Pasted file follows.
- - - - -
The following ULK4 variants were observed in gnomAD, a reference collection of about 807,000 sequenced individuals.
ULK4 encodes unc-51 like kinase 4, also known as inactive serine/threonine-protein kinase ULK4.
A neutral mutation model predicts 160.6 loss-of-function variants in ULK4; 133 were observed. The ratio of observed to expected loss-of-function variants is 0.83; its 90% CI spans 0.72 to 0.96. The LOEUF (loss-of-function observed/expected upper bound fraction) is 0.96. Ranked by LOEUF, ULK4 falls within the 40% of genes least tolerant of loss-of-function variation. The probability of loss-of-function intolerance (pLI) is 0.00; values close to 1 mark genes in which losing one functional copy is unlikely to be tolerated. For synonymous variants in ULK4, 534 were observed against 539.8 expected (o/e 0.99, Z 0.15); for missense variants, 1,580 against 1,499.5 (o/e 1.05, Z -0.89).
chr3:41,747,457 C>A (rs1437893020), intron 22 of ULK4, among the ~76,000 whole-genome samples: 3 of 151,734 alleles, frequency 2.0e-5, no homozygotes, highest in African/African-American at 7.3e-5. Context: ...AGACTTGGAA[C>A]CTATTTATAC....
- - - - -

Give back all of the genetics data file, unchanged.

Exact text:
The following ULK4 variants were observed in gnomAD, a reference collection of about 807,000 sequenced individuals.
ULK4 encodes unc-51 like kinase 4, also known as inactive serine/threonine-protein kinase ULK4.
A neutral mutation model predicts 160.6 loss-of-function variants in ULK4; 133 were observed. The ratio of observed to expected loss-of-function variants is 0.83; its 90% CI spans 0.72 to 0.96. The LOEUF (loss-of-function observed/expected upper bound fraction) is 0.96. Ranked by LOEUF, ULK4 falls within the 40% of genes least tolerant of loss-of-function variation. The probability of loss-of-function intolerance (pLI) is 0.00; values close to 1 mark genes in which losing one functional copy is unlikely to be tolerated. For synonymous variants in ULK4, 534 were observed against 539.8 expected (o/e 0.99, Z 0.15); for missense variants, 1,580 against 1,499.5 (o/e 1.05, Z -0.89).
chr3:41,747,457 C>A (rs1437893020), intron 22 of ULK4, among the ~76,000 whole-genome samples: 3 of 151,734 alleles, frequency 2.0e-5, no homozygotes, highest in African/African-American at 7.3e-5. Context: ...AGACTTGGAA[C>A]CTATTTATAC....